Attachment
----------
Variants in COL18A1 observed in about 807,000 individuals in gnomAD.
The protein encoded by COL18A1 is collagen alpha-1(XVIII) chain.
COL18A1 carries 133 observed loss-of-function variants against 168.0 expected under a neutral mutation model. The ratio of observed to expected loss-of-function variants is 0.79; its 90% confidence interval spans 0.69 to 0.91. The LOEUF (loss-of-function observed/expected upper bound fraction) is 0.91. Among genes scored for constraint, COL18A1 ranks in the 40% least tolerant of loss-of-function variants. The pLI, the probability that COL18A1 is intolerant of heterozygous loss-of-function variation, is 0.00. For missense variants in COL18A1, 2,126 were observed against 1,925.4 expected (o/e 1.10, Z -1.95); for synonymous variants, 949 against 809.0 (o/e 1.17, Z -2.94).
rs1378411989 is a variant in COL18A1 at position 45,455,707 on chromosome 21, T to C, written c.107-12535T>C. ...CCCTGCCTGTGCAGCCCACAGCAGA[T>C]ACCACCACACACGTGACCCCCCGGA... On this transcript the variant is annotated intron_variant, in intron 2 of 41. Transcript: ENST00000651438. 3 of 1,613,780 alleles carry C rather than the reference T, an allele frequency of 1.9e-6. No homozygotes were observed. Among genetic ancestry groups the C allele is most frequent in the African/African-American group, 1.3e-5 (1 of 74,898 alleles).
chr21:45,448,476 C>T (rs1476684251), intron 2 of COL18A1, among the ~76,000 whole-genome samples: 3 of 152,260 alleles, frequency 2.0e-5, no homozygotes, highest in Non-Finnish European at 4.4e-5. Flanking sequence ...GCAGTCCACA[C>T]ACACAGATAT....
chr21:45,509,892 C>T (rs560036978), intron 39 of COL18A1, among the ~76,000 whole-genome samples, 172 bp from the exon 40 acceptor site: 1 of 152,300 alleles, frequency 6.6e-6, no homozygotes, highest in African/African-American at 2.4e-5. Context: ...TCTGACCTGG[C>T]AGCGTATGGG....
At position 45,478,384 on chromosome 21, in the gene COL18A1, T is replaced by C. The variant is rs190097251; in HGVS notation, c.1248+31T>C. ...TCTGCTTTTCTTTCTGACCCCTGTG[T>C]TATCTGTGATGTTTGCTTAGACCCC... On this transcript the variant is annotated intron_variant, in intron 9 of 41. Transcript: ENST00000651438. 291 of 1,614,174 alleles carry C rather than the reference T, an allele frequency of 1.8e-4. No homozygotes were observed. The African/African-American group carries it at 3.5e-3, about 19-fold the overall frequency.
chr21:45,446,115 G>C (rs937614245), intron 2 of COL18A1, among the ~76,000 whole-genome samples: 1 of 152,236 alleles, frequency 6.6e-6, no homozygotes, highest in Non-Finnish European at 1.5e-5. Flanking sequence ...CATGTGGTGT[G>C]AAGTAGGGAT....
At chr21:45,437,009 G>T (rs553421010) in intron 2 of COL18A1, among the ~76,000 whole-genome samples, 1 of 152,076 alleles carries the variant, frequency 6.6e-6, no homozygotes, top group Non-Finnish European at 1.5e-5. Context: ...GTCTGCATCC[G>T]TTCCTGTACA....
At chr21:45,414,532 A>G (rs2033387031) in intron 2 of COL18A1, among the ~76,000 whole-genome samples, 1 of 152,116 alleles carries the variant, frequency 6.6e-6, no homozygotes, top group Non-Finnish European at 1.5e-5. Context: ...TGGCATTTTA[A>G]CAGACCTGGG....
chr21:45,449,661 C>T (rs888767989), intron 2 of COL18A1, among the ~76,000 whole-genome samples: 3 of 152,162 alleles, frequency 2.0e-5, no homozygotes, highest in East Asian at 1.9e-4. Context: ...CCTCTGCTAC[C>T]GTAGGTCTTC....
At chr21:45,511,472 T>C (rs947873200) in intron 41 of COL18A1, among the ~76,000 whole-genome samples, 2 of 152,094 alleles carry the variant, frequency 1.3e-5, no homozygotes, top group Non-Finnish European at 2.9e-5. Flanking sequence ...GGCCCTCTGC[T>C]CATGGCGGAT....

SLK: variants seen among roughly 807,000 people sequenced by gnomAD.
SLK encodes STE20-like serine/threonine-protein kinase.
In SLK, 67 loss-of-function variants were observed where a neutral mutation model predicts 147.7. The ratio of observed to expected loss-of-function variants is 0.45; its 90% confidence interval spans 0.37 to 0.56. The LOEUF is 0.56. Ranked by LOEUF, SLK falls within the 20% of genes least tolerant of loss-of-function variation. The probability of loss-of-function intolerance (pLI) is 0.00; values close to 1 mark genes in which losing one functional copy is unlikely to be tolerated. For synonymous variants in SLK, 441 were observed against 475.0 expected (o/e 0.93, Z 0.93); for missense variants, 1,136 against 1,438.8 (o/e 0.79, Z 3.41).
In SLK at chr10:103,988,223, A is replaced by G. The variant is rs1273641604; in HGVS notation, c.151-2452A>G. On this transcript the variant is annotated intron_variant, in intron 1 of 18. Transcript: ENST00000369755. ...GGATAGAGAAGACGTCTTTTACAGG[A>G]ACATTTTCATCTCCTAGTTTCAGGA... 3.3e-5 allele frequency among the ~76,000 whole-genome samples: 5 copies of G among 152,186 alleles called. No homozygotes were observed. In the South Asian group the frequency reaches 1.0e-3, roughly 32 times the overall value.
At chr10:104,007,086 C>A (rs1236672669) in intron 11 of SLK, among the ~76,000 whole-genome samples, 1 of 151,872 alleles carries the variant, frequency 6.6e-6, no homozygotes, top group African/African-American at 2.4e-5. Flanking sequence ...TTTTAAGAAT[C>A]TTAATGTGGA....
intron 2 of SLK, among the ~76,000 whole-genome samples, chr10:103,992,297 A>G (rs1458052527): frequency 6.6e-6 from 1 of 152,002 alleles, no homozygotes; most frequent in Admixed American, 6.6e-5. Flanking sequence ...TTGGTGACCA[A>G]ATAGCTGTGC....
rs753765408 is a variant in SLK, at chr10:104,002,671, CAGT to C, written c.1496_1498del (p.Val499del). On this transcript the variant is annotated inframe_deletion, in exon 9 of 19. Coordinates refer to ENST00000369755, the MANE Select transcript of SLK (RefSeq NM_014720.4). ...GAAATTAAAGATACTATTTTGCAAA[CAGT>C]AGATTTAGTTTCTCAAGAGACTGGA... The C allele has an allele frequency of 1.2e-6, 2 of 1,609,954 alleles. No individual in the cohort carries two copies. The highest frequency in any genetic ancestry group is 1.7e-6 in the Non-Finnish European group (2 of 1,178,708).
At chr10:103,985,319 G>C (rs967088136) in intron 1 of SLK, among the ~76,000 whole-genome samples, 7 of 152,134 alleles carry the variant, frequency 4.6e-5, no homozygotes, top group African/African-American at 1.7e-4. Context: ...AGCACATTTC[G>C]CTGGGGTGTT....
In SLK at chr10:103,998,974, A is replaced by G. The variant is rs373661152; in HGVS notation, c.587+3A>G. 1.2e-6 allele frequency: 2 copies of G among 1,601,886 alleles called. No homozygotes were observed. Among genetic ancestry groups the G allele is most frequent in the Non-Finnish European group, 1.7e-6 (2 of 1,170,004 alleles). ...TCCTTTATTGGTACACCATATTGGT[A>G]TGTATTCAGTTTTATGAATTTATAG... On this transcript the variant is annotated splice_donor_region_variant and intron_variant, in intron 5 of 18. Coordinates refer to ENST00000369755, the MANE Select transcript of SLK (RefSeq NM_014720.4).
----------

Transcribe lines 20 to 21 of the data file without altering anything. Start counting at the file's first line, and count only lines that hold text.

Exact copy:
At chr10:103,985,319 G>C (rs967088136) in intron 1 of SLK, among the ~76,000 whole-genome samples, 7 of 152,134 alleles carry the variant, frequency 4.6e-5, no homozygotes, top group African/African-American at 1.7e-4. Context: ...AGCACATTTC[G>C]CTGGGGTGTT....
In SLK at chr10:103,998,974, A is replaced by G. The variant is rs373661152; in HGVS notation, c.587+3A>G. 1.2e-6 allele frequency: 2 copies of G among 1,601,886 alleles called. No homozygotes were observed. Among genetic ancestry groups the G allele is most frequent in the Non-Finnish European group, 1.7e-6 (2 of 1,170,004 alleles). ...TCCTTTATTGGTACACCATATTGGT[A>G]TGTATTCAGTTTTATGAATTTATAG... On this transcript the variant is annotated splice_donor_region_variant and intron_variant, in intron 5 of 18. Coordinates refer to ENST00000369755, the MANE Select transcript of SLK (RefSeq NM_014720.4).